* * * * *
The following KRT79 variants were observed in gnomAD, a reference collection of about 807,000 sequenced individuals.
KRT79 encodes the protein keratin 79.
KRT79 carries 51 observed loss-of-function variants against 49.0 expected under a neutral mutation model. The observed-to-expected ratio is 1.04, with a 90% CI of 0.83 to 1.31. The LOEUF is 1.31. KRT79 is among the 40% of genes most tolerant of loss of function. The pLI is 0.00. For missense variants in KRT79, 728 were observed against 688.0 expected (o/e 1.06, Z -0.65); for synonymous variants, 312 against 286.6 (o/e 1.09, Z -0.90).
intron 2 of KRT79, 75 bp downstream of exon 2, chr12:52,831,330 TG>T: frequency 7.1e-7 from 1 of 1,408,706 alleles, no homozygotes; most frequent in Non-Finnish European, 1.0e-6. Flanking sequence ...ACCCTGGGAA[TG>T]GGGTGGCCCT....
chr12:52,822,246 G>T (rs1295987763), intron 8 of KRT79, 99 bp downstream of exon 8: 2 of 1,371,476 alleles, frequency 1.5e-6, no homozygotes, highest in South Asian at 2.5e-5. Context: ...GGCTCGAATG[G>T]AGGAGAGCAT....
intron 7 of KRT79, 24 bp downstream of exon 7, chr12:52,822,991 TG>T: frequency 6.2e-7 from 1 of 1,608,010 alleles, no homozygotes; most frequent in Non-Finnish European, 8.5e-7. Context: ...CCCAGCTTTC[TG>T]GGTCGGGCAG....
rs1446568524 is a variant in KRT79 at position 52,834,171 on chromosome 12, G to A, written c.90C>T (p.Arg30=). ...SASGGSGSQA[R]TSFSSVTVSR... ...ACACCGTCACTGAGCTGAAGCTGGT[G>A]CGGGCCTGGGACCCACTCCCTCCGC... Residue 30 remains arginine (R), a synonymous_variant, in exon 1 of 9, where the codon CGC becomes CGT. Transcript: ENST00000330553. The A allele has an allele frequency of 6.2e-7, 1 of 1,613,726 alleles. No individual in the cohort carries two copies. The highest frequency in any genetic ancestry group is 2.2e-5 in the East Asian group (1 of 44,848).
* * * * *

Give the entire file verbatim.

The following KRT79 variants were observed in gnomAD, a reference collection of about 807,000 sequenced individuals.
KRT79 encodes the protein keratin 79.
KRT79 carries 51 observed loss-of-function variants against 49.0 expected under a neutral mutation model. The observed-to-expected ratio is 1.04, with a 90% CI of 0.83 to 1.31. The LOEUF is 1.31. KRT79 is among the 40% of genes most tolerant of loss of function. The pLI is 0.00. For missense variants in KRT79, 728 were observed against 688.0 expected (o/e 1.06, Z -0.65); for synonymous variants, 312 against 286.6 (o/e 1.09, Z -0.90).
intron 2 of KRT79, 75 bp downstream of exon 2, chr12:52,831,330 TG>T: frequency 7.1e-7 from 1 of 1,408,706 alleles, no homozygotes; most frequent in Non-Finnish European, 1.0e-6. Flanking sequence ...ACCCTGGGAA[TG>T]GGGTGGCCCT....
chr12:52,822,246 G>T (rs1295987763), intron 8 of KRT79, 99 bp downstream of exon 8: 2 of 1,371,476 alleles, frequency 1.5e-6, no homozygotes, highest in South Asian at 2.5e-5. Context: ...GGCTCGAATG[G>T]AGGAGAGCAT....
intron 7 of KRT79, 24 bp downstream of exon 7, chr12:52,822,991 TG>T: frequency 6.2e-7 from 1 of 1,608,010 alleles, no homozygotes; most frequent in Non-Finnish European, 8.5e-7. Context: ...CCCAGCTTTC[TG>T]GGTCGGGCAG....
rs1446568524 is a variant in KRT79 at position 52,834,171 on chromosome 12, G to A, written c.90C>T (p.Arg30=). ...SASGGSGSQA[R]TSFSSVTVSR... ...ACACCGTCACTGAGCTGAAGCTGGT[G>A]CGGGCCTGGGACCCACTCCCTCCGC... Residue 30 remains arginine (R), a synonymous_variant, in exon 1 of 9, where the codon CGC becomes CGT. Transcript: ENST00000330553. The A allele has an allele frequency of 6.2e-7, 1 of 1,613,726 alleles. No individual in the cohort carries two copies. The highest frequency in any genetic ancestry group is 2.2e-5 in the East Asian group (1 of 44,848).